So what does this all mean? Basically, none of the reasons listed above can really explain why it seems that Rodgers has so many issues with the Chicago Bears; he’s fairly consistent against the 3-4 or the 4-3 (Tampa-2 defenses), he doesn’t play particularly bad at Soldier Field compared to any other non-Lambeau Field and he’s been able to compensate for the loss of Finley, not to mention that losing Finley doesn’t explain his only statistical deficiency against the Bears which is scoring touchdowns.

Based off this data, I’m beginning to think that the main reason Rodgers plays poorly against the Bears is because the fans think he plays poorly against the Bears. As of yet, Rodgers hasn’t utterly destroyed the Bears like the Falcons the week before, so when fans compare the the Falcons game to the Bears games, obviously they think that he’s struggling when actually he plays pretty consistent against the Bears, just not “once in a decade” like he did against the Falcons.

This doesn’t mean that Aaron Rodgers isn’t a fantastic quarterback, it only means that he can’t produce video game like numbers on a consistent basis (as no one can) and that fans, who naturally are more critical when it comes to the Bears, are more inclined to see the mis-throws and interceptions rather than the leadership and steady play.

Reference: http://www.pro-football-reference.com/

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Thomas Hobbes is a staff writer for Jersey Al’s AllGreenBayPackers.com.

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11 Responses to “Do the Chicago Bears have the Blueprint for Containing Aaron Rodgers? – Analyzing the Stats”

  1. [...] This post was mentioned on Twitter by packernation, Brandon, Packer Tees, Cheesehead Nation, Jersey Al – Packers and others. Jersey Al – Packers said: Do the Chicago Bears have the Blueprint for Containing Aaron Rodgers? – Analyzing the Stats: the one question I … http://bit.ly/fNcjXJ [...]

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  2. FireMMNow says:

    It seems that teams with good LBs in the 4-3 that get good drops causes MM and Rodgers trouble. Urlacher is probably the best in the business at getting a quality drop in the passing game. And he can make a play once he gets there. On the first drive the play action was bringing Urlacher up and Rodgers found Jennings over the top. Once Urlacher started getting his normal drops it closed down the middle of the field. Without a quality TE to work the middle, it makes small windows for Rodgers.

    What is your analysis for Quarless this year? He looks the part, but looks like a guy that just doesn’t get it right now. He looks lethargic with his eyes and hands. Even the biggest play of his season was actually not a catch (Vikings TD) I think he has the talent, but he has a ways to go to be a contributor to this offense. Many of the same things were said about Finley as a rookie as well. Is he going to be a player or not? Thoughts?

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    • Thomas Hobbes Thomas Hobbes says:

      You might be right that it might just be Brian Urlacher, but Rodgers doesn’t seem to have that much issue with other MLBs dropping in coverage, and I think the he throws the ball in the hole that MLB creates when he drops into coverage quite well.

      As for Quarless, I would withhold judgment on him for right now, some players take a year or two to get the hang of things, Jermichael Finley was one of them (not to say that he will be that good next year or that its something to do with being a tight end). Also keep in mind that he was a 5th round draft pick for a reason, plenty of teams are willing to overlook other issues (like the Bengals) if you have enough potential or talent.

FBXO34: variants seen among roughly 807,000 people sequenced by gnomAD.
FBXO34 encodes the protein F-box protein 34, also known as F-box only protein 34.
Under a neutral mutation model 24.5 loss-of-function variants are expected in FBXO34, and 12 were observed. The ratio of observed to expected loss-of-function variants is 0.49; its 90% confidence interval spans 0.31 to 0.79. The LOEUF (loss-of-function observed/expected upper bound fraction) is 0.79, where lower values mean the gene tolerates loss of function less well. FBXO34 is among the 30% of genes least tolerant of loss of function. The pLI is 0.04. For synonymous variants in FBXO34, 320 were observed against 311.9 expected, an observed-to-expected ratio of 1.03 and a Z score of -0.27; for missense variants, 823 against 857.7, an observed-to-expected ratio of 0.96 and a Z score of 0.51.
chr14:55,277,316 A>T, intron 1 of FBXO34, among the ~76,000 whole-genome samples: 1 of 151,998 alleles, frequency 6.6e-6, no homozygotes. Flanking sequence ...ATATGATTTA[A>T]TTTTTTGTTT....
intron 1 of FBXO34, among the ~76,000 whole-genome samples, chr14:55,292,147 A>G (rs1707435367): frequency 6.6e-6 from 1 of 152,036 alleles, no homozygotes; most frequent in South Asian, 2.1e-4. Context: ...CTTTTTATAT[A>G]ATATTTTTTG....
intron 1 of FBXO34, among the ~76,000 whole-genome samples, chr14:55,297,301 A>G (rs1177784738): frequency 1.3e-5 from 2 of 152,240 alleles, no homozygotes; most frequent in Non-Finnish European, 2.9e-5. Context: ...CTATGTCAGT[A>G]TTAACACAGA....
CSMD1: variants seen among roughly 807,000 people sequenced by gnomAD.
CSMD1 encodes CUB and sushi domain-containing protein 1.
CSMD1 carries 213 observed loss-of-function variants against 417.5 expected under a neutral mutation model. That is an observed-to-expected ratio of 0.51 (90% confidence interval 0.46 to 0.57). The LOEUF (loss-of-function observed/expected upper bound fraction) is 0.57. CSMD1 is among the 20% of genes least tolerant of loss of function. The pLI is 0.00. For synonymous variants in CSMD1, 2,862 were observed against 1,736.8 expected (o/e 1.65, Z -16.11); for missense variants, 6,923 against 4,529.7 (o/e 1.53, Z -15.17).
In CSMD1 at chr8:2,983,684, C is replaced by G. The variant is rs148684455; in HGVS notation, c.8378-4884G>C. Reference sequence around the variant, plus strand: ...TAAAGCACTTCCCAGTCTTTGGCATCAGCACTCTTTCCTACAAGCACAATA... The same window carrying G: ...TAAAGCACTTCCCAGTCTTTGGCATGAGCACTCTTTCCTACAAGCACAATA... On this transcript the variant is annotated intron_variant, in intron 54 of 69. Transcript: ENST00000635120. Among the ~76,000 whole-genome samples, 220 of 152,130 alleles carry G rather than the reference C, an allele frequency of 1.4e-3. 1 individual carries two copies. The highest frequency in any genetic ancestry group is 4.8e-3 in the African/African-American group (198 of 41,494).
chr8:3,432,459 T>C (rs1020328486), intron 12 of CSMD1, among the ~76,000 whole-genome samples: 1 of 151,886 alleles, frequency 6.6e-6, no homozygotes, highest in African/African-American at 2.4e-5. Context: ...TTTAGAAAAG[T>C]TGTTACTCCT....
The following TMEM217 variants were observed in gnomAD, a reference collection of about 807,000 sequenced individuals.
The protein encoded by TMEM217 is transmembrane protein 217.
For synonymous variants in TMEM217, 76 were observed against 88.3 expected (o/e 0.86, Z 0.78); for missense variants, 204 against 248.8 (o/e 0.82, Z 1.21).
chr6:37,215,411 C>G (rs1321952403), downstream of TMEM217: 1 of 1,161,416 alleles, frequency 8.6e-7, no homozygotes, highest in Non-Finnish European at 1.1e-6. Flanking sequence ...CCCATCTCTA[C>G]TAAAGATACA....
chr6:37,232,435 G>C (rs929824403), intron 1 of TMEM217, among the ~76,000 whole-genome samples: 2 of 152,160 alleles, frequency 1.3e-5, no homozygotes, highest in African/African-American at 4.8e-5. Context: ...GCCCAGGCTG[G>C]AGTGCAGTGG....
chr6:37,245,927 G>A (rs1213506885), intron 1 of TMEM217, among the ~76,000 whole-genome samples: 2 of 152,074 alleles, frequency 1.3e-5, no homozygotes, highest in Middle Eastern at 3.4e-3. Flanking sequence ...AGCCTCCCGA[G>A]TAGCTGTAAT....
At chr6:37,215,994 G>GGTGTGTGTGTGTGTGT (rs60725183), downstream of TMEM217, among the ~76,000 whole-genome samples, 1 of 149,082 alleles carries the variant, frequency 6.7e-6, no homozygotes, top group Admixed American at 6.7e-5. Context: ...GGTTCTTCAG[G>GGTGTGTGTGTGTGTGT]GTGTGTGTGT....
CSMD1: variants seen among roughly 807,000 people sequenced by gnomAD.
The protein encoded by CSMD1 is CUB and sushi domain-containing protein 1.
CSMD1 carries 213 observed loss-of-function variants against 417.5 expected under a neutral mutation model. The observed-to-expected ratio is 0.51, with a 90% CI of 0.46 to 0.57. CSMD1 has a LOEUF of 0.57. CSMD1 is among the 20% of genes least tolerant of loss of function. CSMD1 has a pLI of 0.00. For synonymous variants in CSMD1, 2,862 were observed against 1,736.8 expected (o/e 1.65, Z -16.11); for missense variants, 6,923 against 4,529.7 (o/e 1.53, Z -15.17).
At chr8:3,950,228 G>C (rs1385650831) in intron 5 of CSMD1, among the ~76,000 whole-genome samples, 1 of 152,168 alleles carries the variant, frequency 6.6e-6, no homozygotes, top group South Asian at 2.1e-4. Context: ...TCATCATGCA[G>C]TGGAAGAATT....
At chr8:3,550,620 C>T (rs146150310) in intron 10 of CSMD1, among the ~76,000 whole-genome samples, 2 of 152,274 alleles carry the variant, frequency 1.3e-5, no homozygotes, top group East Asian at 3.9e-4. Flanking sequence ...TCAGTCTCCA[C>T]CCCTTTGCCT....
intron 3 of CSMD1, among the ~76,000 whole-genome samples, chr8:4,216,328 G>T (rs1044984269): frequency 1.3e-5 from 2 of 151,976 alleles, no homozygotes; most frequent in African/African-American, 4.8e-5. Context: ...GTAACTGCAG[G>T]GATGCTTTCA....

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      • Anthony says:

        Urlacher gave problems to Favre too. Maybe he just works harder to show up against the Packers than any other team?

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  3. Josh Ike says:

    I think his shoulder getting hit on the TD impacted his play to be honest, he started out hot, then became somewhat inaccurate by his standards. Bears do seem to have his number tho!

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    • Thomas Hobbes Thomas Hobbes says:

      Another issue might be that once they got hot (i.e. right away), MM decided (correctly in my opinion) to try to become more balanced by running the ball. Its a great concept, but I think MM should have scrapped that idea after a couple of drives where Starks wasn’t getting much (the Bears defense is quite good after all), instead of waiting till the Bears starting putting up points to try to regain rhythm in the passing game.

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  4. Charles says:

    Not all 4-3′s run Tampa-2 – even the Bears, who tend to run single high safeties against the Packers as much as Cover-2 looks. I think your data set is too broad to come to a conclusion.

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    • Thomas Hobbes Thomas Hobbes says:

      I completely agree as I mentioned in my article, almost every team runs some Tampa-2 concepts, the Packers included. However, 3-4 teams from a schematic point are less capable of playing Tampa-2, for instance, linebackers are often blitzing instead of covering the flats and the zone-blitz 3-4 that the Packers and Steelers run often have corners in mostly zone coverage as opposed to man coverage in the Tampa-2 (and that obviously leads to team getting players that are better at one than the other). I suppose that the most accurate way of analyzing the data would be to go through every offensive play that the Packers ran throughout the season and split them between Tampa-2 and everything else, but unfortunately, its often hard to tell what teams are doing since TV broadcasts are lucky to get safeties in the shot.

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  5. Chad Toporski Chad Toporski says:

    Really interesting questions and a nice look at the data. Definitely gives us something to think about.

    I do think part of it, though, is that the Bears have such a good front seven and can more or less control the running game, as well as put pressure on the QB without blitzing. Not many 4-3 teams have that much talent in those positions.

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    • Thomas Hobbes Thomas Hobbes says:

      I was thinking about that as well, but its not as if Rodgers has relied much on the running game this whole season anyways, he’s won games plenty of times by himself when there is no running game (or even worse when he is the running game) One team that I would compare favorably to the Bears defense is the New York Giants, both have fantastic front sevens and mediocre secondaries, and for whatever reason Rodgers just ripped them to shreds.

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  6. Dara Quinn says:

    Bears/GB is the biggest rivalry in football. They play each other a lot, they prepare for each other. There are no secrets between these teams, when they suit up against each other – it’s lights out. That’s what’s up.